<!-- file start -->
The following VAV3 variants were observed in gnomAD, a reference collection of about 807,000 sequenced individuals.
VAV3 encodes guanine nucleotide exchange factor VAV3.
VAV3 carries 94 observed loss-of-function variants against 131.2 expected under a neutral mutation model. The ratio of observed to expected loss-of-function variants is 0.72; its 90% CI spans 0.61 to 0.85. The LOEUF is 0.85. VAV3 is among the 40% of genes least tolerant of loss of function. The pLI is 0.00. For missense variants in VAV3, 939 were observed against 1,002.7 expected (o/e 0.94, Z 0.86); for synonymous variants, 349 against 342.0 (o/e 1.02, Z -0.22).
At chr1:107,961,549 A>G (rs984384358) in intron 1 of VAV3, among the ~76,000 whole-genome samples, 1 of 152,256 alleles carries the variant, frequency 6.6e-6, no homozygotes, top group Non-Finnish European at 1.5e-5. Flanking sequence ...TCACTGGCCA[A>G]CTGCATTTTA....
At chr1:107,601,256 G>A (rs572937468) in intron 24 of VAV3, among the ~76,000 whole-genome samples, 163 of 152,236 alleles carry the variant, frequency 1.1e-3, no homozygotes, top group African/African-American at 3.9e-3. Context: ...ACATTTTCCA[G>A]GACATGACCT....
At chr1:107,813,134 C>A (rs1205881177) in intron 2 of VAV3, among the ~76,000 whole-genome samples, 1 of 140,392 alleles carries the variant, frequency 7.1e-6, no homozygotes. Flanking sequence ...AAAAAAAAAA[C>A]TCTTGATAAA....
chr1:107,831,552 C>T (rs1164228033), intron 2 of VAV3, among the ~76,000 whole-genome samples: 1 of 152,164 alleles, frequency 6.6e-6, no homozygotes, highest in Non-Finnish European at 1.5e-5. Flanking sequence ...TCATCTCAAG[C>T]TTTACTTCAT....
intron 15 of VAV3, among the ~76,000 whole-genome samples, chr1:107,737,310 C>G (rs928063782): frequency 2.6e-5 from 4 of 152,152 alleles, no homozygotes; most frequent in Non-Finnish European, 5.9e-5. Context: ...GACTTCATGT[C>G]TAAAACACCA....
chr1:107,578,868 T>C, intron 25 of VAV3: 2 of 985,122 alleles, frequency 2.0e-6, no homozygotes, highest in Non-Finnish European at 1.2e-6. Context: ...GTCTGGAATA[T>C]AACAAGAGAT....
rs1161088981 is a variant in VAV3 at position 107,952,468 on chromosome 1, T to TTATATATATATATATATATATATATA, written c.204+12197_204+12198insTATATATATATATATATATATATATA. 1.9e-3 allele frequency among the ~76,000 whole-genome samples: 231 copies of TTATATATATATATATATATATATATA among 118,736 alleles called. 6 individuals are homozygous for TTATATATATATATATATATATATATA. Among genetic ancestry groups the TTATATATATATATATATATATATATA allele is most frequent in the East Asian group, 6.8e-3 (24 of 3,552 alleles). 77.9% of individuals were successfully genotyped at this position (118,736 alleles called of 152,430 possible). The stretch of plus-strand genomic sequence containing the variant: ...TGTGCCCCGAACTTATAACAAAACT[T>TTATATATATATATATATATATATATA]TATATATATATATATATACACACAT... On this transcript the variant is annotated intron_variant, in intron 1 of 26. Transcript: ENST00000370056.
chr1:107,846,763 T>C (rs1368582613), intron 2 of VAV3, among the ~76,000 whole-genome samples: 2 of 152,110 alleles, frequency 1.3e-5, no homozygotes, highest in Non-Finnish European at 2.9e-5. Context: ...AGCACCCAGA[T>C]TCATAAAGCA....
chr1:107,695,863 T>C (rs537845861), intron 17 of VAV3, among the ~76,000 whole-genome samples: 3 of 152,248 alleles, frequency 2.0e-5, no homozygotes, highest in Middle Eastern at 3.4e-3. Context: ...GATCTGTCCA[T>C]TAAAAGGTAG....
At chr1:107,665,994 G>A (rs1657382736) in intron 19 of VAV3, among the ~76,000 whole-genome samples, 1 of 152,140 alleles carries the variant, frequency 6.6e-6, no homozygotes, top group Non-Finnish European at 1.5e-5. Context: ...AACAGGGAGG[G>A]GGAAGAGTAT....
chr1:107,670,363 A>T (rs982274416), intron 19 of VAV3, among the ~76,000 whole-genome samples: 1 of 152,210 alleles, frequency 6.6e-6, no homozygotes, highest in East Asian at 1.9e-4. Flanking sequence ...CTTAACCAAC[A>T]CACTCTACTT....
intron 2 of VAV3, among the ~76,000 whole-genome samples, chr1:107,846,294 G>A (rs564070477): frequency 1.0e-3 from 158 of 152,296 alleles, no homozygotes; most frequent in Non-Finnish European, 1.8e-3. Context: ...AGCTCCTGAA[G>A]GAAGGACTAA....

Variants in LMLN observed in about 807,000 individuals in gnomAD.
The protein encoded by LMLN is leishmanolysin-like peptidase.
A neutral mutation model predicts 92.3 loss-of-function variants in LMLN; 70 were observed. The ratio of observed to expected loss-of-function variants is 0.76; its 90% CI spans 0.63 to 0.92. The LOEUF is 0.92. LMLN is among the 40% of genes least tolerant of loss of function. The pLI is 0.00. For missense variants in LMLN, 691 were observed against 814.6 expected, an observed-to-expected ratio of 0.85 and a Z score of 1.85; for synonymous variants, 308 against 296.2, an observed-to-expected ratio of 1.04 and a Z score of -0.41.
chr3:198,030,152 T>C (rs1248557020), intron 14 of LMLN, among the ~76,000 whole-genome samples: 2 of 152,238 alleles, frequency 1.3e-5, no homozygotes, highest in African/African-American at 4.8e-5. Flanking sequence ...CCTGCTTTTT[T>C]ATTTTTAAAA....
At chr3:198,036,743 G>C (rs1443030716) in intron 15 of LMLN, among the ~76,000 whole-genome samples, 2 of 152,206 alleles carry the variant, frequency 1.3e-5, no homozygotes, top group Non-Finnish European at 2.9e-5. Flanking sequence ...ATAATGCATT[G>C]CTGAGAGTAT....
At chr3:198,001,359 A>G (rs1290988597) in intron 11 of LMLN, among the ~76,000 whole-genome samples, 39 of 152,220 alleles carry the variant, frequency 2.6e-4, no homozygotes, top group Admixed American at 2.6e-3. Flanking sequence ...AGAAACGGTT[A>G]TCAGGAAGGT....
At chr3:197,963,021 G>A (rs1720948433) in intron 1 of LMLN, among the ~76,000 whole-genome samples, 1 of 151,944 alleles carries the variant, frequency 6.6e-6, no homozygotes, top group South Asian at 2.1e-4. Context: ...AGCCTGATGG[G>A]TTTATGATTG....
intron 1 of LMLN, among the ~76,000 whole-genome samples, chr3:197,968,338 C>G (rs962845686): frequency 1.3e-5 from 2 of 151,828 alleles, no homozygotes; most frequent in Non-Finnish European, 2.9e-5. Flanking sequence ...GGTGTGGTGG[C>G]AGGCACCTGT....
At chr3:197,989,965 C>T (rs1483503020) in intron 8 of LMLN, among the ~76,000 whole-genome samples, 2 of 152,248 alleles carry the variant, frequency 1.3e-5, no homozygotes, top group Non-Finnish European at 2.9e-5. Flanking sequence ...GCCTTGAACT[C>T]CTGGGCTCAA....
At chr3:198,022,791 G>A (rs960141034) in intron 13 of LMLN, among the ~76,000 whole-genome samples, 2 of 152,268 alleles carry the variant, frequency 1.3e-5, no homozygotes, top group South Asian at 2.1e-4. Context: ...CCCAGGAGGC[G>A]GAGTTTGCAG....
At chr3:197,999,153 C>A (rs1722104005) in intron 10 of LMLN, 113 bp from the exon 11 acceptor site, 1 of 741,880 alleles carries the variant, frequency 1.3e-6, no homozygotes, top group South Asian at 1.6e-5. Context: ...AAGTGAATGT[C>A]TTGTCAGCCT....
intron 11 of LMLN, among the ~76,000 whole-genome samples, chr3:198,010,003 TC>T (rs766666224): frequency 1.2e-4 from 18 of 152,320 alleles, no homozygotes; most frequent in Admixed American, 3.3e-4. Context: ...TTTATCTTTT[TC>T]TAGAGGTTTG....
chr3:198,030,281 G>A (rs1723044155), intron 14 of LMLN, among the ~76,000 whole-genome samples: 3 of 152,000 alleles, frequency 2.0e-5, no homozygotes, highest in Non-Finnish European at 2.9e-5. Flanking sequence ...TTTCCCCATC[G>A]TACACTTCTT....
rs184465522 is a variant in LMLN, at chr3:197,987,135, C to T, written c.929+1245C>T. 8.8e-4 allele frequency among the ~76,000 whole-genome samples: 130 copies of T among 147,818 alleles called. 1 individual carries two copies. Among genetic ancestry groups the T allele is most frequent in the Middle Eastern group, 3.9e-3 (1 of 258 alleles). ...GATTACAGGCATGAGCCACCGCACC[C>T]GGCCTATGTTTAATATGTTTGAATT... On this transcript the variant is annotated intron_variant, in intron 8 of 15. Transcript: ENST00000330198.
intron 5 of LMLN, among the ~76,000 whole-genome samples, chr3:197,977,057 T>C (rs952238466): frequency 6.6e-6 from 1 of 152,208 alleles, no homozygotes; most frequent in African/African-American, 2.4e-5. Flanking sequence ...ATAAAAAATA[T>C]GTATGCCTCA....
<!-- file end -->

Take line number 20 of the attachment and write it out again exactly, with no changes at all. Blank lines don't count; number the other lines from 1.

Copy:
At chr3:198,036,743 G>C (rs1443030716) in intron 15 of LMLN, among the ~76,000 whole-genome samples, 2 of 152,206 alleles carry the variant, frequency 1.3e-5, no homozygotes, top group Non-Finnish European at 2.9e-5. Flanking sequence ...ATAATGCATT[G>C]CTGAGAGTAT....